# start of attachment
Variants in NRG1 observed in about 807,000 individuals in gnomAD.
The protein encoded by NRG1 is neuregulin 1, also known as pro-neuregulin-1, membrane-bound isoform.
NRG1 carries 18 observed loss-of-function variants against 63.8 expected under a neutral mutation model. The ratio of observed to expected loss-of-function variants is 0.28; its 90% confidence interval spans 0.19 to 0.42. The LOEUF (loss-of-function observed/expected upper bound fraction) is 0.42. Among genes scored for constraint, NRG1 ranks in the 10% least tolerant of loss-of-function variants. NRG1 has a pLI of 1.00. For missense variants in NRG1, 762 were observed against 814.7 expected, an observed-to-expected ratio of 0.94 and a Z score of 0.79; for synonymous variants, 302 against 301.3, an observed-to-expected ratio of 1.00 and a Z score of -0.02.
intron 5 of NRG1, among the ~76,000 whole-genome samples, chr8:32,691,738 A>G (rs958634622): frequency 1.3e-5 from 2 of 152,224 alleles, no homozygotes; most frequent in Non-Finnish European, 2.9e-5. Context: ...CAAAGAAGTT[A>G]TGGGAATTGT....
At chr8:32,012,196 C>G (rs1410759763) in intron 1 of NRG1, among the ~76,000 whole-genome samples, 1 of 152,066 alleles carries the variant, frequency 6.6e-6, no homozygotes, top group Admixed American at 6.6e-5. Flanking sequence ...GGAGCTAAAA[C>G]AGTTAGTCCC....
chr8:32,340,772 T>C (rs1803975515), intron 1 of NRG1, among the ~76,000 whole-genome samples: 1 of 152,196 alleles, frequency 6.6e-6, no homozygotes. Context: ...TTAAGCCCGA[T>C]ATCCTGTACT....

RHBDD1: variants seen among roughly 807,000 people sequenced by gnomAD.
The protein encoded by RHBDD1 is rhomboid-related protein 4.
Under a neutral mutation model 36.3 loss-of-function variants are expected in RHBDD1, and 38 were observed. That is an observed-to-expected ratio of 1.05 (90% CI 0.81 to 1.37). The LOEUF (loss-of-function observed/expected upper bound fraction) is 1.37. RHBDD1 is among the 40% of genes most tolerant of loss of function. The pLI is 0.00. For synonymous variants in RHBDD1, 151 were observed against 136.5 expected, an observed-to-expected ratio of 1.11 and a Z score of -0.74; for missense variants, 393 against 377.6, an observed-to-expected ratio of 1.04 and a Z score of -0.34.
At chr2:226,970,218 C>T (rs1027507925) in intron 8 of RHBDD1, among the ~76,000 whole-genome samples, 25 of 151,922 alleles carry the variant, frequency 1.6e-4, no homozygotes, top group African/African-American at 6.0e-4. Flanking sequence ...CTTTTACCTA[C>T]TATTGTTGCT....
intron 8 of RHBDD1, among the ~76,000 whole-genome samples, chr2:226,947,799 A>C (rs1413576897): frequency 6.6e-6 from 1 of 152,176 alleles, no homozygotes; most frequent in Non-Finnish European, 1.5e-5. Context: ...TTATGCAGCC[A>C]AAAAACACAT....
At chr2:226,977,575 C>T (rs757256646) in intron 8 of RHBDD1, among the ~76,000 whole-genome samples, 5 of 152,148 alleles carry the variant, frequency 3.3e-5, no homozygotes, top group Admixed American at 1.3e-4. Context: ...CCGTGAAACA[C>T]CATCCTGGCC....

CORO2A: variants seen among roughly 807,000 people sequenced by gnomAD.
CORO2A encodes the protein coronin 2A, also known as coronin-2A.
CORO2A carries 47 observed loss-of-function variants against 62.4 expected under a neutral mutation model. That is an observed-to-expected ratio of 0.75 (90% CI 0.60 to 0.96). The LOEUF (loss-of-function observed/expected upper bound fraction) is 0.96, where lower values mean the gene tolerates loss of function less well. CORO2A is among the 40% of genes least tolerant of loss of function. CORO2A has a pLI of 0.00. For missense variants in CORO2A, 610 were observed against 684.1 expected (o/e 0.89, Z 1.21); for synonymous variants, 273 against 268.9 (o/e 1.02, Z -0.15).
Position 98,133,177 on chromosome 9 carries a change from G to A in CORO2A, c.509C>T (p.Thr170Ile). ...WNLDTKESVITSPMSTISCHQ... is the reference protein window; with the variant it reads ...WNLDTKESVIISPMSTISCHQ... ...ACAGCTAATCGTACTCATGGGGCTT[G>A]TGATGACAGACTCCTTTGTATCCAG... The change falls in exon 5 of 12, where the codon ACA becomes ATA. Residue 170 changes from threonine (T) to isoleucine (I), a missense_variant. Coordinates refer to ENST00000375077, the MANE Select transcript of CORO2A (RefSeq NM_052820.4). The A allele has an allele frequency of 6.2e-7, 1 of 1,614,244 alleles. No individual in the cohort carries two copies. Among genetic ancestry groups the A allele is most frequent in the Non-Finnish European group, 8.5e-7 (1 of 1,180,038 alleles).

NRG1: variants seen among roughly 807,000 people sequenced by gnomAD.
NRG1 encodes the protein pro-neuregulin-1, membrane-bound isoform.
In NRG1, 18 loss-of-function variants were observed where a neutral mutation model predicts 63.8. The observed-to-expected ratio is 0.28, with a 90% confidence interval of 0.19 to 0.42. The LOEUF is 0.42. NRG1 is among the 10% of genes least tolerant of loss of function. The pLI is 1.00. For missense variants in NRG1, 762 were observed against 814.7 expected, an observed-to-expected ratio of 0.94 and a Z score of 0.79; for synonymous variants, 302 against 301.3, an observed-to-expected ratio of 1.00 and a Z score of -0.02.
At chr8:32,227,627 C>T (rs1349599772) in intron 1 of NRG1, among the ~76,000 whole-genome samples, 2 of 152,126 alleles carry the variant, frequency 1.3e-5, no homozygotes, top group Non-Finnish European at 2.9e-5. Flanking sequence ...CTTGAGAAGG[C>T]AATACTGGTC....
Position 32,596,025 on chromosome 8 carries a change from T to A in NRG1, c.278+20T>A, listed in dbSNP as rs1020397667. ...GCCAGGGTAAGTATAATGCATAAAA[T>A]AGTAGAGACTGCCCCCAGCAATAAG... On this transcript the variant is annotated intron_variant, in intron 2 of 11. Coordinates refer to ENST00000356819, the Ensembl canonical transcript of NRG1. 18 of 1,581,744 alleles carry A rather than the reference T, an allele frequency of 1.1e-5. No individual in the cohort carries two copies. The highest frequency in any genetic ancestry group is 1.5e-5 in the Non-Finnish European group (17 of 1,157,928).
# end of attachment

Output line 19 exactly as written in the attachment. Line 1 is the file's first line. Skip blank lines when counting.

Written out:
In NRG1, 18 loss-of-function variants were observed where a neutral mutation model predicts 63.8. The observed-to-expected ratio is 0.28, with a 90% confidence interval of 0.19 to 0.42. The LOEUF is 0.42. NRG1 is among the 10% of genes least tolerant of loss of function. The pLI is 1.00. For missense variants in NRG1, 762 were observed against 814.7 expected, an observed-to-expected ratio of 0.94 and a Z score of 0.79; for synonymous variants, 302 against 301.3, an observed-to-expected ratio of 1.00 and a Z score of -0.02.